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Her Majesty’s Revenue and Customs have launched a consultation on potential reforms for Income Tax Self-Assessment for self-employed sole traders, partnerships and landlords, with implications for the accounting profession and accountancy recruitment.
The open call for evidence is primarily focused on when self-employed people and landlords must make themselves known to HMRC and begin to interact with the tax system, which due to the past two years has become increasingly relevant with several support payments requiring a tax return.
With more people changing jobs or starting up side-ventures, it becomes increasingly important that people are aware of their obligations so they do not end up with a surprising tax bill or a demand for an extra payment.
It also links into Making Tax Digital, an initiative that changes how people pay their taxes and requires businesses and self-employed people to use digital record-keeping tools and change how they interact with the UK’s tax system.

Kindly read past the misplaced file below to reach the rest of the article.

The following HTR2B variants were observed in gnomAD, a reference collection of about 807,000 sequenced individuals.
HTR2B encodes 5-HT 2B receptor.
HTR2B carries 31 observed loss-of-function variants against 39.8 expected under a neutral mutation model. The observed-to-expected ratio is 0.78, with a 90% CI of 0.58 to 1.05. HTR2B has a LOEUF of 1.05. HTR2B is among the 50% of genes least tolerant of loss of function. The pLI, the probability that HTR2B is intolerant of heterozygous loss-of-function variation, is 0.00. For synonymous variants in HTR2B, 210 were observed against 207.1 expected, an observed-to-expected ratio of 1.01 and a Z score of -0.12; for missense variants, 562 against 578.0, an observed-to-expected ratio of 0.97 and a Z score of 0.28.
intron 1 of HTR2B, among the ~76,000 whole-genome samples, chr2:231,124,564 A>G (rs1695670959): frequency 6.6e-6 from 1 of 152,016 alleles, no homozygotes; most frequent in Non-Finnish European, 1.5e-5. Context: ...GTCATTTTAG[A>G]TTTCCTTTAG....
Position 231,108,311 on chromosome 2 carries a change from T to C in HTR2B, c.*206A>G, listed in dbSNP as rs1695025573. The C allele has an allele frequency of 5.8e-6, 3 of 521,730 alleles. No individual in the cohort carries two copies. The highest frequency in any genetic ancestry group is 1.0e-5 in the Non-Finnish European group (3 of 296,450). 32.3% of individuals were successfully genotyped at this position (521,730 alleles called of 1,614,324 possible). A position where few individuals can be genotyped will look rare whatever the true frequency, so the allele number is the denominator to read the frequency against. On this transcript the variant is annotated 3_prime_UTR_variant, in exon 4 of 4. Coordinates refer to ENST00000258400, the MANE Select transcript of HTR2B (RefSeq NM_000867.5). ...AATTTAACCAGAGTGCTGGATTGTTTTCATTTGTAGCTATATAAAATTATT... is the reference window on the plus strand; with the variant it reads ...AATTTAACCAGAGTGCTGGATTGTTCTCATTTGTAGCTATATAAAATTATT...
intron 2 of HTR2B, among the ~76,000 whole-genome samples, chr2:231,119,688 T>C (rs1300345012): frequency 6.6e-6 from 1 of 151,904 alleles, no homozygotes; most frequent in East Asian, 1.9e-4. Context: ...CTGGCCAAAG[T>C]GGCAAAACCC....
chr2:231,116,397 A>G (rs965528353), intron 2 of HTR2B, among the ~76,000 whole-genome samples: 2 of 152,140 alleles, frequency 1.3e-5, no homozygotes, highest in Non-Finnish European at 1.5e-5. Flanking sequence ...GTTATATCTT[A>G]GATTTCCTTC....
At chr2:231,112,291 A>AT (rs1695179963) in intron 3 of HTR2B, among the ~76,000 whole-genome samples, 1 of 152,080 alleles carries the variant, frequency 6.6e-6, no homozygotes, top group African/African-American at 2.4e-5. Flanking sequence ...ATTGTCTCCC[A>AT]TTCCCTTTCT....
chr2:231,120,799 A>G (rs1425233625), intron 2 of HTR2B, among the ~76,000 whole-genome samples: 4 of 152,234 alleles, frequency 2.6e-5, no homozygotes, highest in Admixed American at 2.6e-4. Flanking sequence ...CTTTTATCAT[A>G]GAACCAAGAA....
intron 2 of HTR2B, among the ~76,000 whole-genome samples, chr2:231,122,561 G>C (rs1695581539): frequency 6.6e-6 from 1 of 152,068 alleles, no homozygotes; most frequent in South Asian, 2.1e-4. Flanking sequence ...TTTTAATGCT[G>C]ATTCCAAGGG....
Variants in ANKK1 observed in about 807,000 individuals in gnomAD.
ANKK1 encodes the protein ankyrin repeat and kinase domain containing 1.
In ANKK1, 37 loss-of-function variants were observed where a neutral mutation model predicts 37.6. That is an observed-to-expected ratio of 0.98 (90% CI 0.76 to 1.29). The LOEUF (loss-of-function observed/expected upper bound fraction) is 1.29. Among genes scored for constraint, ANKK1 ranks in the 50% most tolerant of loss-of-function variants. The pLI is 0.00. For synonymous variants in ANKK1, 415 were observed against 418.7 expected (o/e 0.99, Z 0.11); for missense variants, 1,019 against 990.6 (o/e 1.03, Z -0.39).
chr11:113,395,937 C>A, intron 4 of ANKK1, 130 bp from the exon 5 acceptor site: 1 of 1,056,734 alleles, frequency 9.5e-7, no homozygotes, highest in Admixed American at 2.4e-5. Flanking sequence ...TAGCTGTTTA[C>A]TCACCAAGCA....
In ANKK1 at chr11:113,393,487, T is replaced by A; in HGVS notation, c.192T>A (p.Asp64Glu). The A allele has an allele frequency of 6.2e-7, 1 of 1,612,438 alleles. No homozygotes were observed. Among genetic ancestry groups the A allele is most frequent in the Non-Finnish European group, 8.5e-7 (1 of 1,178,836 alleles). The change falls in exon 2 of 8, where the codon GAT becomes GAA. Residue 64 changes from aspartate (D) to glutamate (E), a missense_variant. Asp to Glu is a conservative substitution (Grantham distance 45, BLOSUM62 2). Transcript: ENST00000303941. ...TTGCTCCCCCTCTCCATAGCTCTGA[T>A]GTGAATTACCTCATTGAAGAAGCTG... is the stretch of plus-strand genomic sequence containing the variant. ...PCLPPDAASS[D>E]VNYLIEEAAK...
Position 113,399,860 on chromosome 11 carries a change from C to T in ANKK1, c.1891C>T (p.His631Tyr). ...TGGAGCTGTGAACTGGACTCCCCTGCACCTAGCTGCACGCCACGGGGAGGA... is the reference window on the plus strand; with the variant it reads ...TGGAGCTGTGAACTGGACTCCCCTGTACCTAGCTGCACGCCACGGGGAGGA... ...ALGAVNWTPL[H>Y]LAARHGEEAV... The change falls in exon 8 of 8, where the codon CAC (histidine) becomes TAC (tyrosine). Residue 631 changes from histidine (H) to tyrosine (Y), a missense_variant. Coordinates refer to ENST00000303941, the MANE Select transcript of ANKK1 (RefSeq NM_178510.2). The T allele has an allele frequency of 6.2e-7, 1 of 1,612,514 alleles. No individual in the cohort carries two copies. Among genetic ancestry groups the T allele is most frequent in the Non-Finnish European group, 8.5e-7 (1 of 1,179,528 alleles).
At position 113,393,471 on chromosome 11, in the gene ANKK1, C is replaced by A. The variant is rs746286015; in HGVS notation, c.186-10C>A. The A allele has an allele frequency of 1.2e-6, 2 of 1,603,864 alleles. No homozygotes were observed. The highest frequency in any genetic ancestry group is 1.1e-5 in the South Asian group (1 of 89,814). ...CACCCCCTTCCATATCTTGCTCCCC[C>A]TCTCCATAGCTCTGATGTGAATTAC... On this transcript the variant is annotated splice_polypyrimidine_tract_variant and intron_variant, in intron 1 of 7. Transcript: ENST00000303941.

Here is an overview of the self-assessment system as it currently stands, as well as the scope and early proposals to change it.
What Is Self-Assessment?
In the UK, almost everyone earning above a certain threshold pays income tax, however, the way in which this is paid can vary significantly depending on the nature of the earnings.
Most people in employment will pay their taxes through the pay as you earn (PAYE) system, where their gross income has the tax deducted automatically, which often means that people in full-time employment throughout their adult lives may never directly fill out a tax return.
This changes for people who are partners in a business partnership or have earned more than £1000 of untaxed income, which is the threshold before you need to register as a ‘sole trader’.
There are other thresholds as well, for people who receive dividend payments, support payments over the last two years and landlords who primarily receive money through rent payments.
Because of so many more people interacting with self-assessment, there are certain aspects of the current law that the government is consulting with the accountancy profession to see if they require changes.